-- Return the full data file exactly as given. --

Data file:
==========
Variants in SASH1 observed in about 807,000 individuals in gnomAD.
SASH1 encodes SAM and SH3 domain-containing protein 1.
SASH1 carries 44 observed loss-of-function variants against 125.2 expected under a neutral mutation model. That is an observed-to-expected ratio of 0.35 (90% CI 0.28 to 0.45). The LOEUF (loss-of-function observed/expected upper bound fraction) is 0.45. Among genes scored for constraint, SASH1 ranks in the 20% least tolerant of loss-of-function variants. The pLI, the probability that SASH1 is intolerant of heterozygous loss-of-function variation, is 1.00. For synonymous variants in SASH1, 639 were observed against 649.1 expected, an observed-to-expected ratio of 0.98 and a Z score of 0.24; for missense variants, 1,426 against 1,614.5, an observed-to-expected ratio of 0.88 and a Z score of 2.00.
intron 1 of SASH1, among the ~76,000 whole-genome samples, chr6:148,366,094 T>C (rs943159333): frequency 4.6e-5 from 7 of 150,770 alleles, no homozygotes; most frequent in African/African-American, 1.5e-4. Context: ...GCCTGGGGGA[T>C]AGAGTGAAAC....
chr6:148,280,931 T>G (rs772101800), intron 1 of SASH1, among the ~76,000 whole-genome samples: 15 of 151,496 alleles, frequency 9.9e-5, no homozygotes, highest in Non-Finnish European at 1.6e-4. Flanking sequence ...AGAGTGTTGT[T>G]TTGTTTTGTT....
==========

Variants in SASH1 observed in about 807,000 individuals in gnomAD.
SASH1 encodes SAM and SH3 domain-containing protein 1.
SASH1 carries 44 observed loss-of-function variants against 125.2 expected under a neutral mutation model. That is an observed-to-expected ratio of 0.35 (90% CI 0.28 to 0.45). The LOEUF (loss-of-function observed/expected upper bound fraction) is 0.45. Among genes scored for constraint, SASH1 ranks in the 20% least tolerant of loss-of-function variants. The pLI, the probability that SASH1 is intolerant of heterozygous loss-of-function variation, is 1.00. For synonymous variants in SASH1, 639 were observed against 649.1 expected, an observed-to-expected ratio of 0.98 and a Z score of 0.24; for missense variants, 1,426 against 1,614.5, an observed-to-expected ratio of 0.88 and a Z score of 2.00.
intron 1 of SASH1, among the ~76,000 whole-genome samples, chr6:148,366,094 T>C (rs943159333): frequency 4.6e-5 from 7 of 150,770 alleles, no homozygotes; most frequent in African/African-American, 1.5e-4. Context: ...GCCTGGGGGA[T>C]AGAGTGAAAC....
chr6:148,280,931 T>G (rs772101800), intron 1 of SASH1, among the ~76,000 whole-genome samples: 15 of 151,496 alleles, frequency 9.9e-5, no homozygotes, highest in Non-Finnish European at 1.6e-4. Flanking sequence ...AGAGTGTTGT[T>G]TTGTTTTGTT....